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Labor Activism Against the Wars


Michael Eisenscher, U.S. Labor Against the War,

Thank you for acknowledging the role that USLAW has played in moving the AFL-CIO to its present position on the wars and military spending. We have been quietly working on this for quite a while. We're not done yet.

I found the choice of terms used by the federation of particular interest and import. "Militaristic foreign policy" is not a phrase one expects to roll off the tongues of federation officials. Just as the 2005 resolution opened up many new possibilities for this work in the labor movement, we are hopeful that this development will also give us greater access and influence in the internal discourse taking place in many unions.

Opposition to the wars and demands for a shift in funding priorities are important advances, but those could well be short-lived unless we are able to press the conversation beyond those limits to the challenge of what it will take to convert to a peace economy. The huge number of workers who owe their livelihoods to the military-industrial-security complex provides a material base for imperialism in the working class. We need to find ways to reopen the work that (Seymour) Melman started and get people looking at what it will take to make that kind of shift – how to protect the interests of workers and communities now dependent on military contracts from bearing the burden of a transition – and how to engage them in the process so that they become agents rather than victims of change.

What is new and deserves to receive broad recognition is the development in the Plumbers' union.  Fred Hirsch, a retired member of the San Jose local (393), is Liaison from the South Bay Labor Council to USLAW. His international solidarity work spans many decades and he is achieving near folk-hero standing in the area labor movement. He continues to be active in his union and was elected a delegate to the UA's convention last week in Las Vegas.  He moved two resolutions (one specifically on the wars and the other on defense of Social Security, Medicare and Medicaid with references to war spending) through his local to the convention. I sent those to you separately. Both were adopted without any organized opposition or dissenting speakers.

The antiwar resolution was modeled after the resolution adopted by the National Conference of Mayors.  By the standards of most antiwar activists it would be seen as fairly weak.  But when viewed in perspective against the history of the UA as George Meany's union, steeped in anticommunism, jingoism and unquestioning (even enthusiastic) support of U.S. foreign policy, this development represents an extraordinary shift of tectonic proportions.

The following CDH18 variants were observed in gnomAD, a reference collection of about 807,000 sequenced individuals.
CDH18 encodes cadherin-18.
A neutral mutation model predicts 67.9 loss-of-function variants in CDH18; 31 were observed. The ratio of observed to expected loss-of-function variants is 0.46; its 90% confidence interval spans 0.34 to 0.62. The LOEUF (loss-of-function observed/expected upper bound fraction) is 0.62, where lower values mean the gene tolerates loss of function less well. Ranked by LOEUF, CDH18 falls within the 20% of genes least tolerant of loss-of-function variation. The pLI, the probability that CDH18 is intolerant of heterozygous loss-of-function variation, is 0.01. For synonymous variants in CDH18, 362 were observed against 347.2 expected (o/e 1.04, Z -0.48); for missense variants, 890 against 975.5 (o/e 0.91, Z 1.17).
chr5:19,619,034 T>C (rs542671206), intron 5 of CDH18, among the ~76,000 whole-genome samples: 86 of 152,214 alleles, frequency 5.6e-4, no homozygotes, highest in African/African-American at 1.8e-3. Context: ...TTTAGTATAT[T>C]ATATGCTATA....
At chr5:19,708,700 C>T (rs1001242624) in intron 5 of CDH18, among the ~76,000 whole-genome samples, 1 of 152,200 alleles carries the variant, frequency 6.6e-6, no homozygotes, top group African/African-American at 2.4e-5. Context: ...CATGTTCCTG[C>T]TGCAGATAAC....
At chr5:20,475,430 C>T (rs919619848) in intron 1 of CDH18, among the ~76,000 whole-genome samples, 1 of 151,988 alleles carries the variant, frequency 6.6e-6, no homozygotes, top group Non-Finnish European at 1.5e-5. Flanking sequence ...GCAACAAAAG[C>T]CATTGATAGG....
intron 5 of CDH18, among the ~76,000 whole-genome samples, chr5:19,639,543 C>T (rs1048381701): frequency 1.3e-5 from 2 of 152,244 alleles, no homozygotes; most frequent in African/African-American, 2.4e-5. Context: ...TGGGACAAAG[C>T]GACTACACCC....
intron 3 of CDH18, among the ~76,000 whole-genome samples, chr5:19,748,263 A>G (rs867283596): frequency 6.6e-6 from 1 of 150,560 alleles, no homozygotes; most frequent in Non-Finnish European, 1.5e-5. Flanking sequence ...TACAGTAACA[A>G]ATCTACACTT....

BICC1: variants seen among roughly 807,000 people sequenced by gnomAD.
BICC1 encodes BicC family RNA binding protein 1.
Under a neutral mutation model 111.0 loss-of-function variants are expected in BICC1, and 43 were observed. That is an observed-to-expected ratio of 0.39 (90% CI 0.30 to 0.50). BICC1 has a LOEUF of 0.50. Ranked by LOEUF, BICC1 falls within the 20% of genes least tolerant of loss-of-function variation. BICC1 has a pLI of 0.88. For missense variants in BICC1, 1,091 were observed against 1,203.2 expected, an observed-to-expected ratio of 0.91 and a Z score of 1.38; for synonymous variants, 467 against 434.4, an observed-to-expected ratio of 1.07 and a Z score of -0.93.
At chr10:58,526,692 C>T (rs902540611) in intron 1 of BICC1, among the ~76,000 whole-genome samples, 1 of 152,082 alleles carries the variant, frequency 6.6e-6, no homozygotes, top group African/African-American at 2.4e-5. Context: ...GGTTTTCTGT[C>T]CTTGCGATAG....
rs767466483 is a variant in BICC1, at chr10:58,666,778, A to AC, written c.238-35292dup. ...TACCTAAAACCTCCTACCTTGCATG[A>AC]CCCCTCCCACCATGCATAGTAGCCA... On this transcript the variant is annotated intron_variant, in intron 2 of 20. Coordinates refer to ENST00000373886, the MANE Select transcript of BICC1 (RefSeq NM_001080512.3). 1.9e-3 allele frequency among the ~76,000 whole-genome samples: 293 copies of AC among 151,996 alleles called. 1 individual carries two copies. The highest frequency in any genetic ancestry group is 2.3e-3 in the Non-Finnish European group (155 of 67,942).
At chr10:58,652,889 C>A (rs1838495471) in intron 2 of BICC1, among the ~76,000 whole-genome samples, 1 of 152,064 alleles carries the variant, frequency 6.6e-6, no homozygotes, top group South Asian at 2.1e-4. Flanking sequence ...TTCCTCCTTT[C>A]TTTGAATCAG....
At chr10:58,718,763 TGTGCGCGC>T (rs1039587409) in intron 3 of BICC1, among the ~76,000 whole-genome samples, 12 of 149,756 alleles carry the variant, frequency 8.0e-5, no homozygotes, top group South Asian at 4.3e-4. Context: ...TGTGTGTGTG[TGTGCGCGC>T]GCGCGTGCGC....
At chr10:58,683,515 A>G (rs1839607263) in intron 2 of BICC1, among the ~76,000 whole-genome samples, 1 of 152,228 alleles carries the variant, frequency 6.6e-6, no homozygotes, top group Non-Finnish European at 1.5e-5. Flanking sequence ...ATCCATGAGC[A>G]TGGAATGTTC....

Undoubtedly the economic crisis and failure of the Obama administration to pull the economy out of its deep recession is a huge factor affecting how workers, whether they be plumbers or pot washers, view and understand their declining fortunes.  But that alone does not, in my view, provide an adequate explanation. To properly understand why one of the most conservative unions in the nation would take such a step, we must consider the context – near depression levels of unemployment in the construction trades, a decade of war, the failure of those wars to achieve their stated objectives and their costs (both human and financial), four decades of almost unbroken decline in the living standards of most workers, structural changes in employment (casualization, off-shoring, loss of fringe benefits, etc.), capital flight, the abandonment by the nation's largest corporations of the implicit postwar social contract that prevailed from 1946 until 1973, and the consequent impact that has had on organized labor.  And that is by no means an exhaustive list of factors.

Social consciousness almost always lags social reality.  What we are seeing now, in the UA, in Wisconsin, at Verizon, in changes within the AFL-CIO and its affiliates, is consciousness beginning to catch up with reality.

How this all will play out remains very much uncertain.  There is no guarantee that these changes will become deeply rooted in the rigid institutions and persistent business union culture of most unions. How this plays out will very much be determined by how successfully the left and progressive forces in the labor movement and more generally in society come to recognize openings and learn how to take advantage of them to nurture and encourage these shifts so that they do take root. 

Capital has relied on the shock doctrine to  impose its will and to disorient and defeat any sources of opposition to the changes it seeks to impose.  But those same shocks that are so unsettling, disorienting, and immobilizing also create opportunities for dramatic change over relatively short periods of time when the anger and energy they unleash is combined with the right kind of leadership and organizing strategies.

This is a case of the script being written as the play is already being staged.  The acts to come (and final act, if there is one) have yet to be written.  The challenge is to learn how to get much larger numbers of working people to become play writes rather than bit actors in the unfolding drama.

Yours in solidarity,

Michael Eisenscher 
National Coordinator

  

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